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Asharq Al-Awsat
Asharq Al-Awsat
London - Asharq Al-Awsat

EU Studies Imposing New Set of Sanctions on Iran

A woman chants during a protest against violence in Iran, in front of the United Nations Children’s Fund (UNICEF) office in San Francisco, California, US, November 30, 2022. REUTERS/Amy Osborne

The European Union is considering imposing new sanctions on nearly 40 Iranian individuals and entities, according to draft documents seen by the American Politico website.

Additional sanctions are being studied as part of the EU’s response to the Iranian authorities’ deadly crackdown on protesters following the passing away last September of 22-year-old Mahsa Amini, who died in custody after being held by the morality police.

Politico reviewed 27 of the EU documents, which are called the “evidence pack” because they include information - mostly press reports - that support the proposed sanctions.

According to the documents, the European Union is considering imposing sanctions on 17 people, including regional governors, a lawmaker, a minister and a senior official of the Iran Broadcasting Service (IRIB).

The sanctions will also target current and former officials of the IRGC, which has played a major role in suppressing the demonstrators.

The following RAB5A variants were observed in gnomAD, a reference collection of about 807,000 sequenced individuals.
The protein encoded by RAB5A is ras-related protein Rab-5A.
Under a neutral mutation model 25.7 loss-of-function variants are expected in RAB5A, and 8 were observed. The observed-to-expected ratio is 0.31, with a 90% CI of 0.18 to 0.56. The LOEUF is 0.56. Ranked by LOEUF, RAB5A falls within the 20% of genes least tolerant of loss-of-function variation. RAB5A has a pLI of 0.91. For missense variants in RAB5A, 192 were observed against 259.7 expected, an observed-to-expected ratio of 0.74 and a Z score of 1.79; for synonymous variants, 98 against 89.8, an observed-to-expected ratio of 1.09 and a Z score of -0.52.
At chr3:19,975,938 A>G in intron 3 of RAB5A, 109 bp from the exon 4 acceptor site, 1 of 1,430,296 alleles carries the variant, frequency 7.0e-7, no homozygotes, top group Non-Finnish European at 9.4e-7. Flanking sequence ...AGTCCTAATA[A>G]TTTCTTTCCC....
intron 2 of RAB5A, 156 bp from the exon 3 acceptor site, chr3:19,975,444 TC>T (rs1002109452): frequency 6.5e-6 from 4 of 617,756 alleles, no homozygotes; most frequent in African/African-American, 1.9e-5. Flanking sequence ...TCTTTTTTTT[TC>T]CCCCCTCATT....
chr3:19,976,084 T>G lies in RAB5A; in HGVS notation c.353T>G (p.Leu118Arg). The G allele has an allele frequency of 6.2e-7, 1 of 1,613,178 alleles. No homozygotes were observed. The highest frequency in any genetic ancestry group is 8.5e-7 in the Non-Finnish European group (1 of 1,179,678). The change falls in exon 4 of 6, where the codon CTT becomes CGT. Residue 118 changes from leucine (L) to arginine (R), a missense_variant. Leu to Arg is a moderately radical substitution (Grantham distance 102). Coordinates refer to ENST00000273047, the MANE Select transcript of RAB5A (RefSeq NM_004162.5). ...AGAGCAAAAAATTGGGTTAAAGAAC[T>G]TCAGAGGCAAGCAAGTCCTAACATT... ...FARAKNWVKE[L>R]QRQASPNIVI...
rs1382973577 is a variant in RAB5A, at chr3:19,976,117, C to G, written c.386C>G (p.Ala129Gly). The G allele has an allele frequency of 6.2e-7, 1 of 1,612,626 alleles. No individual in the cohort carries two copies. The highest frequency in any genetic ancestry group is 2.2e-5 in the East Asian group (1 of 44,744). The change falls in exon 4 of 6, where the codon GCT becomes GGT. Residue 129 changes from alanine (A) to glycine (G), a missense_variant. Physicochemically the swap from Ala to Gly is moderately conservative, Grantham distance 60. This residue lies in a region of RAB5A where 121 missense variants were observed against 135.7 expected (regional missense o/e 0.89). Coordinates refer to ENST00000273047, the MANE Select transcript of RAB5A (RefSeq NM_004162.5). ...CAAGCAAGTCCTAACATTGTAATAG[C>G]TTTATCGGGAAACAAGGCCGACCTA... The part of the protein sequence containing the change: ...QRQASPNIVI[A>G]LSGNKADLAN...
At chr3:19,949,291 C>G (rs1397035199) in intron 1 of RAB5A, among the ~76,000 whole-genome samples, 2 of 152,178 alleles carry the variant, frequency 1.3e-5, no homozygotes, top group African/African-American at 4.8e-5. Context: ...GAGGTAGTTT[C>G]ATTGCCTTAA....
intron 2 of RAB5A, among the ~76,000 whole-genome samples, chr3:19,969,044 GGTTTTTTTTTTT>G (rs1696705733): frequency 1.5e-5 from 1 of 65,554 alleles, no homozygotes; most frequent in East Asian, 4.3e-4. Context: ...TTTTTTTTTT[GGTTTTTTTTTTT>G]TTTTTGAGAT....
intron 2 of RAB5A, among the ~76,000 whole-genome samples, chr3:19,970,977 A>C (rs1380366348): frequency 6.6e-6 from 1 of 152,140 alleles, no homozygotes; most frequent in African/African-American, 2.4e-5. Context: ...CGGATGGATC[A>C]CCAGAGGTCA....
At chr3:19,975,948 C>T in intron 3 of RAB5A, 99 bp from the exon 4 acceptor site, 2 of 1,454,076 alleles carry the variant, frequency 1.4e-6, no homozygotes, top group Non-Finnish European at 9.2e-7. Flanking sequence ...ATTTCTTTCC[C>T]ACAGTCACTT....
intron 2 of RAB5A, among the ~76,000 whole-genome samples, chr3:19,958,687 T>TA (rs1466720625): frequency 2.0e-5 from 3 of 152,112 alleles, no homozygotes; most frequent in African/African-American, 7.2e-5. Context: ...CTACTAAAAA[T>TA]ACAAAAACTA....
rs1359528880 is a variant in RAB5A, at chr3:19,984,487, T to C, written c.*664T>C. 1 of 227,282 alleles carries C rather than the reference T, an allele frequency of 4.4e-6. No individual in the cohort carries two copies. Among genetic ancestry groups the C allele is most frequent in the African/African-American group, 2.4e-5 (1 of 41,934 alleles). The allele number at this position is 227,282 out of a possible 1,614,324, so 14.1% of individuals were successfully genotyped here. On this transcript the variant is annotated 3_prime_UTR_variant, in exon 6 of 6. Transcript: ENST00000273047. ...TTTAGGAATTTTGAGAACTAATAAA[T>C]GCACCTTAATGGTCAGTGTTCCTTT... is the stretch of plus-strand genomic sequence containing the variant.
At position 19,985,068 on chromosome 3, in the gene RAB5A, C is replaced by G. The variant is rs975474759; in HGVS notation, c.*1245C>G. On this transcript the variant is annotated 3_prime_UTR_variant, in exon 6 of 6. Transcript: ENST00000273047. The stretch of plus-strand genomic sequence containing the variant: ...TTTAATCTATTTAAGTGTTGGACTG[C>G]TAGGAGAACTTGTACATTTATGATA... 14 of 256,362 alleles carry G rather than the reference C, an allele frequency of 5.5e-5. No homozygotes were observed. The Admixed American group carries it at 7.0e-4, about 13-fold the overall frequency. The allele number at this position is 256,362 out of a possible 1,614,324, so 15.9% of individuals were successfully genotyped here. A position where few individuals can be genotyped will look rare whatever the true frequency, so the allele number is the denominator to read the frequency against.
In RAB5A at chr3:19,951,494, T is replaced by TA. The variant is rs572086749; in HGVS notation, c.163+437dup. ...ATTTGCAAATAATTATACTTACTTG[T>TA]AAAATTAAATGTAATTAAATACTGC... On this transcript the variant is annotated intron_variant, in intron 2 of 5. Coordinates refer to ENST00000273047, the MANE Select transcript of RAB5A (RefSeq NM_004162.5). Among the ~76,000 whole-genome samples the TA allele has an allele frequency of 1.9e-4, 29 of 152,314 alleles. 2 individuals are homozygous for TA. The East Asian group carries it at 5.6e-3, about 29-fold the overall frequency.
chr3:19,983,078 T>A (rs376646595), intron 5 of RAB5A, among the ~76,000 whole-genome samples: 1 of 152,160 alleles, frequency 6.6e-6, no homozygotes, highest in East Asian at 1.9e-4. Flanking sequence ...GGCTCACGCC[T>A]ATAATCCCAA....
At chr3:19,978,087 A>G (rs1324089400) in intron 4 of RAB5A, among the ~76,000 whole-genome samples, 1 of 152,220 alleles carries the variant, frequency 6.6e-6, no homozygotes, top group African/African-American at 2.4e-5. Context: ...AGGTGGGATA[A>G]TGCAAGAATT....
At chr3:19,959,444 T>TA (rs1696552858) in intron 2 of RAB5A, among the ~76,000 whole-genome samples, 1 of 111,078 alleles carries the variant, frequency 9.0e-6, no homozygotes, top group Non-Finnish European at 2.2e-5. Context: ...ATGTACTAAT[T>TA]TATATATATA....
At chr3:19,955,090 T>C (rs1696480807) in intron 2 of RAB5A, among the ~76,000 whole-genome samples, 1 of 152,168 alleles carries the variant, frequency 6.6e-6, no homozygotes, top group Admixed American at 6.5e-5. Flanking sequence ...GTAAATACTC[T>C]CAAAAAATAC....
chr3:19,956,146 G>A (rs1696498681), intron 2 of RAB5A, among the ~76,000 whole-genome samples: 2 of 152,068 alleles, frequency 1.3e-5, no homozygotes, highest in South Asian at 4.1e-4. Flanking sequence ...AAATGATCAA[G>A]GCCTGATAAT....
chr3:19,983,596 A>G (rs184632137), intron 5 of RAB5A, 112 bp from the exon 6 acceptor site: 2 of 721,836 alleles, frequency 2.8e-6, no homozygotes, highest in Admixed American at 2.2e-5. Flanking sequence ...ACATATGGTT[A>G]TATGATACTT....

Included on the list is the Iranian sports minister, Seyed Hamid Sajjadi Hazaveh, who the document says is “responsible for pressurizing Iran’s athletes into silence, to prevent them from speaking out internationally against repression in Iran.”

The list also included 12 regional corps from the Revolutionary Guard, as well as Iran’s Communication Regulation Authority (CRA), which “enforces the Iranian government’s requirements to filter Internet content through a spyware called SIAM” and the Ravin Academy, a body that has trained hackers “involved in directly disrupting the communication of those protesting against the Iranian regime.”

According to the Oslo-based NGO Iran Human Rights, Iran government forces have killed at least 481 people, including 64 children and 35 women, in recent months.

European Union countries, led by Germany, France and the Netherlands, are separately debating whether to take further steps against the IRGC and designate it as a terrorist organization.

Last Monday, German Foreign Minister Analina Baerbock tweeted support for the proposal, saying: “This step is politically important and meaningful.”

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